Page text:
by Carolyn Deal
"On my deathbed I looked back at my life and
had no regrets for things I had done, but I did have regrets for
things I had not done." LIFE IS SHORT. BUY A HARP.
What an opportunity, to be able to try so many harps
to find the one that fits your dream! These are items that will
be important to you over the years, adding to your enjoyment:
1. Sound, tone of harp. Soft enough, or projecting
enough, for where you'll use it.
2. Feel of the harp. Is it comfortable to reach
the bass strings, the high strings, and how does it feel on your
shoulder? You aren't supposed to bear much weight on your shoulder;
the harp should be almost at its balance point and then tipped
back just slightly onto your right knee and shoulder, but it will
still be a comfort factor. Sit at proper height to judge this;
all harps are more comfortable if you sit correctly.
3. String tension. Some like it light. Some like
it tight. Try them all and see what feels best to you and gives
you the sound you desire. Light tension is great for Irish ornamentation
or if you have hand problems. Firmer tension is great for dynamics
and will develop strength in your hands. Ask harp makers and other
harpers their thoughts. Feel for yourself.
4. String spacing. You commonly hear "standard
spacing" but actually there is not a folk harp "standard."
Small hands need closer. Large hands can handle larger spacing.
Large spacing means it's easier to not buzz the string you just
plucked ---easier not to hit it when you replace your fingers
on the next string, especially in the bass. But spacing that is
too large for your hands, strains you to do octaves in the bass,
or to reach a 10th in the bass. Advanced players may want closer
spacing for quicker maneuvering in Irish dance music. Or not!
TRY different harps and see for yourself.
5. Appearance. So many gorgeous harps!!! Gotta
6. Weight. A heavier harp can have an impactful
sound, and you can always use a harp dolly to move it. Pedal harpists
move their harps! And if you want to grab a harp and go, check
out the many medium weight or light harps that have "Wow" sounds
today. Harp cases usually have shoulder straps.
7. Size. Do you want it to fit in a certain size
car? A car trunk? Or do you want a large harp that will make an
impressive sight at a wedding? As for a therapy or travel-size harp,
does it need to go on an airplane?
8. Number of strings. For a full harp, go two octaves
below middle C if you can afford it. This allows you to play all
the music out there! A few harps have extra strings below that for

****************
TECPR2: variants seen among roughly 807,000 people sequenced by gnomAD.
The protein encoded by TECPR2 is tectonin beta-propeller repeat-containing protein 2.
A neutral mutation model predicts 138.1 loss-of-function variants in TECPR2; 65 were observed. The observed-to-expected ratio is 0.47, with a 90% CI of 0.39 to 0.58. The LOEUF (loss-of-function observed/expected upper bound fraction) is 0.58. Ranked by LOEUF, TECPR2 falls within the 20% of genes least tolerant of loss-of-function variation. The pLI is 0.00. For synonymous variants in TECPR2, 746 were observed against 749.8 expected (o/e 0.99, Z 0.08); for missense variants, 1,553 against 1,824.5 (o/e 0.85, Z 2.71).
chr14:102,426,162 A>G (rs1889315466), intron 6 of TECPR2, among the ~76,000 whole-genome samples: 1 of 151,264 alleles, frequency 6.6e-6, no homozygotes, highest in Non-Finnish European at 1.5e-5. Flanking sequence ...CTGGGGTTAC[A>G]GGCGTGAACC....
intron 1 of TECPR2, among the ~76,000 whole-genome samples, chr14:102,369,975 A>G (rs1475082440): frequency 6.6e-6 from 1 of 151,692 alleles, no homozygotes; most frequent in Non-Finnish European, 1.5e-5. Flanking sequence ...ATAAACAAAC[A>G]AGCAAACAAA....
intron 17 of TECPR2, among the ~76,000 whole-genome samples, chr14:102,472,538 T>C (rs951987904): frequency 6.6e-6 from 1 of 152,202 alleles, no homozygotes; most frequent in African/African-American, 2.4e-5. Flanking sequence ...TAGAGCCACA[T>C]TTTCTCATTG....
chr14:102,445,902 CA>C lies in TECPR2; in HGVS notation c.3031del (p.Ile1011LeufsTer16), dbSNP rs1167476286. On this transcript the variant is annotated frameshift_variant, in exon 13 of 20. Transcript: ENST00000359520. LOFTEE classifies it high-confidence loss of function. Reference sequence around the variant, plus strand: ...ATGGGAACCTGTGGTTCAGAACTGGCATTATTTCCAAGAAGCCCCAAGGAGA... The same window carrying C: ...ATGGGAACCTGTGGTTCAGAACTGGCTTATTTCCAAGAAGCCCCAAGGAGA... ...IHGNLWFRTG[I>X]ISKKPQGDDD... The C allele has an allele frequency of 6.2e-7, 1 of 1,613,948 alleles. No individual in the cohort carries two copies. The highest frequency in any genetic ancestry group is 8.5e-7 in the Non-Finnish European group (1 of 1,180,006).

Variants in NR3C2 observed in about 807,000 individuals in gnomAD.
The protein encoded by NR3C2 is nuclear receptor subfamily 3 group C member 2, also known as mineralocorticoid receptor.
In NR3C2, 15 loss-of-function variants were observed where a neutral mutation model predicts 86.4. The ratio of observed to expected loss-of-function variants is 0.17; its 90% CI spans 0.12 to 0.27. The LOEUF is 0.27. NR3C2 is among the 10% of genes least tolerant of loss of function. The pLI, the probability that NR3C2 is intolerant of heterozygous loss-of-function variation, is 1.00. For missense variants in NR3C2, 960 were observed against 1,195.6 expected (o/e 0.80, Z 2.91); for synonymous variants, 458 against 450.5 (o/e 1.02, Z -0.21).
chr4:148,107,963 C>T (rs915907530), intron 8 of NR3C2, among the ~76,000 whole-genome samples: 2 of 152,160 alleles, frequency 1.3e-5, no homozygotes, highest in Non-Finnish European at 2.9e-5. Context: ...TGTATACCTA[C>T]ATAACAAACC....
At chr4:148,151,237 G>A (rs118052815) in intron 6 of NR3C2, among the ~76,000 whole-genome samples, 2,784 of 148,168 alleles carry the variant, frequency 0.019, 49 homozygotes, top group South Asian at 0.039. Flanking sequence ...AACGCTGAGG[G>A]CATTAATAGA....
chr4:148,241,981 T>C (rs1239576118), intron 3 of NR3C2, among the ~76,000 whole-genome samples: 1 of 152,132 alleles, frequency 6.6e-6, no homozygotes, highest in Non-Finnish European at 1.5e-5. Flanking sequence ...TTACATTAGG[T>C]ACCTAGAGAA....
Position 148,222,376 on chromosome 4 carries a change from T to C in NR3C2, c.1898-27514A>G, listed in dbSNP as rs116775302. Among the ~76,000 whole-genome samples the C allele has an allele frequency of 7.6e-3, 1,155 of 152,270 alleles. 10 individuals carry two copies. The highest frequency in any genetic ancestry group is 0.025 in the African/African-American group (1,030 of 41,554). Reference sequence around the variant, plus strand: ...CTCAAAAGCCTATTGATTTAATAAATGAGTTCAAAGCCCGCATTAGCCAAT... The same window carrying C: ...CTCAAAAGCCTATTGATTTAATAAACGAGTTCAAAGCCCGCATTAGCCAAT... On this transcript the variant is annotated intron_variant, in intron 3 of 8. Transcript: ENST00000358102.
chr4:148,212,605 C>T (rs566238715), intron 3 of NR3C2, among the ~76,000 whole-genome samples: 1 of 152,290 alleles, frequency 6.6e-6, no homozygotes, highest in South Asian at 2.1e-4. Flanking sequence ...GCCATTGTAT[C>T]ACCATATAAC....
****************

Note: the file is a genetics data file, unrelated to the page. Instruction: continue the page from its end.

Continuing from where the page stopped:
added drama and fun. But down to that C is standard. Up from there,
34 or 36 strings makes a "full" sized folk harp. But lots
of other sizes are a blast, too. 29 strings, harps that end on a
low G, and other configurations… all of these may fit your
size needs. More strings in general means more choice.
9. Small harps! Lap harps and therapy harps and
"camping trip" harps… Everyone should have one
in addition to a full harp!! Go sit by a stream, play at a friend's
bedside after surgery, practice on a trip; play in bed! It's a
nice break from the biggie, less complicated, and the smaller
number of strings helps you learn music principles. When
the low string is an octave below mid C, that gives you the most
flexibility, but a cool lap harp down to F or G is a blast too.
Playing a harp in nature is an experience not to be missed. Gift
10. Ease of tuning. Can you turn the pins smoothly
and fine-tune each string? Or does the pin "ratchet" forward,
making it difficult? Since you have to tune and fine-tune your harp
often, it should be a joy. How well does it stay in tune: Ask other
owners of the harp.
11. Sharping levers. Try them. Do they flip in
a way you like? Do they change the tone of the string very much?
(Some will mute the string more than others). To save money, you
can buy a harp with just C and F levers and play in C, G, and D
keys. Or add B levers and you can also play in key of F. And G levers
are fun for some Scandinavian and other music. And… Full levers,
if you can afford them, give you the most flexibility. Of course
your camping trip harp may not need to be fully levered.
12. Price. It's a lifetime investment. It's not
hard to sell a used harp on the Celtic Harp Page (internet). Buy
the best harp you can afford. It will draw you to play every day
and add so much sparkle to your life! And your harp skills
will grow in leaps and bounds with a harp that you love.
13. Durability and guarantee. If you follow basic
care guidelines, you may never have any challenges, but it's nice
to know that the harpmaker or company stands behind their work.
We at Thormahlen Harps want you to have the harp of
your dreams. So do your research and we hope that you come to us
for that harp.
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